A short resource introducing the role of the Merchant Navy in the First World War and the sacrifices made by these non-military seamen and their families.
Why was it so important to continue with merchant shipping during the War? Given that there was so much danger, why didn’t the Wilson line simply stop sailing until the War had ended?
- Read the letter from Jack Altoft written from the SS Zara (pictured right, download a typed transcript below). What would it have been like for merchant seamen who suddenly found themselves under attack while they were doing their job?
Notes on content of the letter:
Jack Altoft later transferred to the SS Dido. He was killed, aged 25, when the ship was sunk by a German mine in the mouth of the Humber on 26 February 1916. He is named on the Hull and District Merchant Navy roll of honour.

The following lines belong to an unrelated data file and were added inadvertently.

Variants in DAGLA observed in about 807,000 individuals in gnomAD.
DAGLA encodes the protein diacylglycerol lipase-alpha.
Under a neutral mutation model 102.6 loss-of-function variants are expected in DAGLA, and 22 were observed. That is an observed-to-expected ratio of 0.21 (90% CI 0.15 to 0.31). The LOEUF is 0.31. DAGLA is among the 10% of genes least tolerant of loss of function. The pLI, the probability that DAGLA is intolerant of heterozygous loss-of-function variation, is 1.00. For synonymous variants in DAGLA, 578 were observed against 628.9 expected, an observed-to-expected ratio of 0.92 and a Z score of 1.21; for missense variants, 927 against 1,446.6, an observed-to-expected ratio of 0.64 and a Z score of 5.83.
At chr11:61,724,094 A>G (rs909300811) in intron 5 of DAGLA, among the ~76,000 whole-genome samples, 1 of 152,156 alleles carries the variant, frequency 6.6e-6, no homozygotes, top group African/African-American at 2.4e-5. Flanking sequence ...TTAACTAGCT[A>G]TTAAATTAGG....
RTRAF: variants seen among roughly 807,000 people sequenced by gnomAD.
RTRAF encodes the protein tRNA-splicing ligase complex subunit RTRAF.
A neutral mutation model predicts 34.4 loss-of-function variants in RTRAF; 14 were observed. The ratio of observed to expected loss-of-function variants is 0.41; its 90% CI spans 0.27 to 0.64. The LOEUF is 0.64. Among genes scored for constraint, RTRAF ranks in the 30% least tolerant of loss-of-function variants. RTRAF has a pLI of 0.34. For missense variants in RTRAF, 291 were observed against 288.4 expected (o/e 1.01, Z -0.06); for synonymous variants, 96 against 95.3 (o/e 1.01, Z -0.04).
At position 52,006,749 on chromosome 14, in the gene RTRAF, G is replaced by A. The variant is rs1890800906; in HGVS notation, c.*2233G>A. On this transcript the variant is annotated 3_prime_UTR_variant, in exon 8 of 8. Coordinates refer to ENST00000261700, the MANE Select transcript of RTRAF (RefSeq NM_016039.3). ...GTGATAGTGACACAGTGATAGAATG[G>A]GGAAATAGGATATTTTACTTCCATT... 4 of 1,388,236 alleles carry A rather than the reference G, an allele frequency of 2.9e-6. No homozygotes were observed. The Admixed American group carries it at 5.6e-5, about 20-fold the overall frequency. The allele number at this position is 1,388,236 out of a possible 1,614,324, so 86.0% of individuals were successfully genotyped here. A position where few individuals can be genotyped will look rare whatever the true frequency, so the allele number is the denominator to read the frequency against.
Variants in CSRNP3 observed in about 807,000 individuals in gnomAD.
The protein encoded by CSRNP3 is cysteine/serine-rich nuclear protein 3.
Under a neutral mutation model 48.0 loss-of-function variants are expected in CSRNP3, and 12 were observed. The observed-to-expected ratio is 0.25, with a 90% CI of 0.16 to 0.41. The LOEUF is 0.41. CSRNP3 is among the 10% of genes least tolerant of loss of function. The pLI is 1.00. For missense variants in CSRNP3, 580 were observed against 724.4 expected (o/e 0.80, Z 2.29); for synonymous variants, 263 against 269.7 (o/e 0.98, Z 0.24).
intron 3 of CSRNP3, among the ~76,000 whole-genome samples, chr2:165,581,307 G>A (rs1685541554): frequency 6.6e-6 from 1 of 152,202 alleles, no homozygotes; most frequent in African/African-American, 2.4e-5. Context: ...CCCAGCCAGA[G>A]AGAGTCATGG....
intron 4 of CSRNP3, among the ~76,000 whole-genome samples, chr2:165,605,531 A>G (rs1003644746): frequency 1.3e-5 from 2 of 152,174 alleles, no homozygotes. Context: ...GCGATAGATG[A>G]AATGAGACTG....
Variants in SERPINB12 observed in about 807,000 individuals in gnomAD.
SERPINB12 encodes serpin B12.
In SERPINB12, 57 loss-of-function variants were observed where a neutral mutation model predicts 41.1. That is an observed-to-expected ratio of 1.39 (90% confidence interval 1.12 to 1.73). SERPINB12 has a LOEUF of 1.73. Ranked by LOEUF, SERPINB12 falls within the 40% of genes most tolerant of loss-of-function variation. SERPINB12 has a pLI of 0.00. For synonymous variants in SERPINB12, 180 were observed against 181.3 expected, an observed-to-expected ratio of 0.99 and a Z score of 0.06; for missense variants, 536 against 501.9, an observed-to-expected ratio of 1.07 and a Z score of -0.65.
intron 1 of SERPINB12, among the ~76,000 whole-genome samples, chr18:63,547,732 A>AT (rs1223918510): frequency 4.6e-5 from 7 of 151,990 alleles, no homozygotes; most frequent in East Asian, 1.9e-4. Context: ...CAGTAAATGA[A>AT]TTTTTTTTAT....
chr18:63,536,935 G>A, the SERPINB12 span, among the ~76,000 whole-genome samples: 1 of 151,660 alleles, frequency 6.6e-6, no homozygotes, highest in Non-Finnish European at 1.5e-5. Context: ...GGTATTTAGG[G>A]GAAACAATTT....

The SS Zara was torpedoed in April 1917. Eleven members of the crew and 11 passengers were killed. The remaining 17 crew members and 17 passengers set sail in lifeboats for the Norwegian coast. They managed to reach Norway, but five crew members died of exposure on the way there.
was requisitioned by the admiralty in November 1914, renamed ‘HMS
Calyx’ and served with the 10th
Cruiser Squadron until being returned to the Wilson Line in June 1915. In July 1916 it was torpedoed by a German submarine while on a cargo voyage to Norway. There were no survivors.
- Jack’s letter to his mother from the SS Zara
- The photograph of the SS Dido (pictured above)
- The two telegrams (pictured above) sent to Ada Altoft notifying her that the ships her husband and son had served on had both been sunk
- How useful are these sources as historical evidence?
- What other sources could you use to find out more about the Altofts?
Compare the two telegrams (pictured above). What are the similarities and differences between them? How do you think Ada Altoft would have felt on receiving them?